Turns out there are very few Pixel Art + After Effects tips out there, so I thought I’d put together some notes on things I’ve discovered that may be of use. You can view it all in a super short video, with some meatier detail below:
(This assumes some basic knowledge of After Effects and does not cover creating Pixel Art)
Start out Small
Work to the original pixelart size, don’t scale it up. Basically we want one pixel in your artwork to match one pixel in AfterEffects. If you’re unsure what to use, perhaps base it on old console resolutions – maybe even updating them to be widescreen. A common size was 320 x 224 (although I prefer 320 x 240 as it’s a 4:3 ratio).
We’ll be scaling the artwork up later to fit whatever size your video is, so don’t worry about that now!
Everything in Draft
The default layer rendering in After Effects ensures there’s a lot of sub-pixel magic to ensure smooth graphics. We don’t want that with Pixel Art. Unless you snap every asset to the pixel grid, it’ll blur as it tries to do sub-pixel smoothing. The easy solution is simply to set the layer Quality to Draft.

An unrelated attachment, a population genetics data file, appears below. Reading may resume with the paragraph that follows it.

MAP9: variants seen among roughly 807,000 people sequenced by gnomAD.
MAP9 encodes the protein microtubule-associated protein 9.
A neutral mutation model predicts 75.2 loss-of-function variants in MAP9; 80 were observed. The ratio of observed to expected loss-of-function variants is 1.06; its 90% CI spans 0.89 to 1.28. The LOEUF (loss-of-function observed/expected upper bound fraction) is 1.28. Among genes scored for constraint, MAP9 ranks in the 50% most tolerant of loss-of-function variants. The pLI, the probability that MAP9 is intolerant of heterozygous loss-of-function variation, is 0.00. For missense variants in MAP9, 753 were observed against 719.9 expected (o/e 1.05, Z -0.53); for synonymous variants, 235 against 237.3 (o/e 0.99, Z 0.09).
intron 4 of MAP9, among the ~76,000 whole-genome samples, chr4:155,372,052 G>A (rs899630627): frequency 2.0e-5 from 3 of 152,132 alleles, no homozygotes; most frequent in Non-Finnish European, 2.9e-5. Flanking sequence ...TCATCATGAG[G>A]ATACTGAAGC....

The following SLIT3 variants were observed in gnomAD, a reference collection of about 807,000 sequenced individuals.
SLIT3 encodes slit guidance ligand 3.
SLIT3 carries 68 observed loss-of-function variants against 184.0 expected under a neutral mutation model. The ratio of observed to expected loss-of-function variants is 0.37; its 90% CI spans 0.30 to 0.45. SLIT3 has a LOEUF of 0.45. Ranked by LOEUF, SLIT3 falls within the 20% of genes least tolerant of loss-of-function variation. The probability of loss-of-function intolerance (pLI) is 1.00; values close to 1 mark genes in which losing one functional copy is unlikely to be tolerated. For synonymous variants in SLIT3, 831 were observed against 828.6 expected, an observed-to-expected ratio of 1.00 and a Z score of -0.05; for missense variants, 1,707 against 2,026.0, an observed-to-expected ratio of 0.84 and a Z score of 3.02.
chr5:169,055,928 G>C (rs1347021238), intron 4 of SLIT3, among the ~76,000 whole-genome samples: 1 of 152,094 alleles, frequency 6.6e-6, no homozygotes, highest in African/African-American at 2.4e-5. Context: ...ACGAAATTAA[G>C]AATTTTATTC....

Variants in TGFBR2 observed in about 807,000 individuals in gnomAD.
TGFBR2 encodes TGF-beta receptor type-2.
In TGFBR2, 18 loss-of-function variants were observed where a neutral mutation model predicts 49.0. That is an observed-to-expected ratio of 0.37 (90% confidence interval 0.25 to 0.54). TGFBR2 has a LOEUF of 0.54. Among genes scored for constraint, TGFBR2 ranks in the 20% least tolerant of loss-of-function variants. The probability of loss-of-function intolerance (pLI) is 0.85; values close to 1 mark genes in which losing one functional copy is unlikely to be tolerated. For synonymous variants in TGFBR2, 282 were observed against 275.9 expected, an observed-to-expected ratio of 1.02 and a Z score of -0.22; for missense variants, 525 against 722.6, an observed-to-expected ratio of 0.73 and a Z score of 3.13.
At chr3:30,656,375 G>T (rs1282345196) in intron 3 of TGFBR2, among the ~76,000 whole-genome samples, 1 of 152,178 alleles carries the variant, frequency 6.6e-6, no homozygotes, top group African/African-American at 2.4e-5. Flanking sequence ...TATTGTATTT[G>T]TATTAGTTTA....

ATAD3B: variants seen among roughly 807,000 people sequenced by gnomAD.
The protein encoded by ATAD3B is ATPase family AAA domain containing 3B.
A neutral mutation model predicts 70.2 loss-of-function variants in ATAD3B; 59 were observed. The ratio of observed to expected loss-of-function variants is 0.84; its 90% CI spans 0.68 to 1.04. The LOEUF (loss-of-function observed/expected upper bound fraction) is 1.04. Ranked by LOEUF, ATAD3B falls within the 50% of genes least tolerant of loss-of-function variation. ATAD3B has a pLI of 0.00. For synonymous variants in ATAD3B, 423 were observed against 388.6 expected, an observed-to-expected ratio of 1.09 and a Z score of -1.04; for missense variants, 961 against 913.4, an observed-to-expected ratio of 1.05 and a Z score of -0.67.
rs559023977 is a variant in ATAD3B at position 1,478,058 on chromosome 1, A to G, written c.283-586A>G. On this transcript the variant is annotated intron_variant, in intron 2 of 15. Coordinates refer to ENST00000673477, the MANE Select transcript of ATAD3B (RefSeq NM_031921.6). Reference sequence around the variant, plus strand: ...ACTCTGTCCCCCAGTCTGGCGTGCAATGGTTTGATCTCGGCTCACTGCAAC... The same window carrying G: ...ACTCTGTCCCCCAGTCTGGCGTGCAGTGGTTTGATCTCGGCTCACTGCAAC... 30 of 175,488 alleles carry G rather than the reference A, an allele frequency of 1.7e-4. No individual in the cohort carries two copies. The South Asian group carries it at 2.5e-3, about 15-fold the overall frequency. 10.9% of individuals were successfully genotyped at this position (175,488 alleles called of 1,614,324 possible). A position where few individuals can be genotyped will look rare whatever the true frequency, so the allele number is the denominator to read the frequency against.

[Right click > Quality > Draft]
This ensures there is no Anti-Aliasing applied for any transformation. This includes movement, so the artwork correctly snaps to each pixel.
You can really go to town with this, for example you can fake a super-scaler style road. This uses a looping image of track, then transformed with a perspective and warped to give the appearance of corners:
Scale & Effects
Once the base artwork is animated, you can scale the artwork back up to whatever you like. Again, ensure the layer is in Draft Quality to keep the pixels crisp. This will ensure your artwork still snaps to the pixel grid, no matter how much you scale.
Then if desired, apply effects like CRT effects, bloom and monitor warping. If you use uniform numbers on your scaling (such as 400%) then it makes it easier to align effects to the pixel grid – such as a CRT effect to line up with each pixel.
- These were a few tips I came up with while creating the video game portions of the music video “Holding out for the Win” by Flawes.
- Music in the initial video is “Terry115” from King of Fighters 2000.
- I don’t know why the video is Sonic-themed. I felt like it.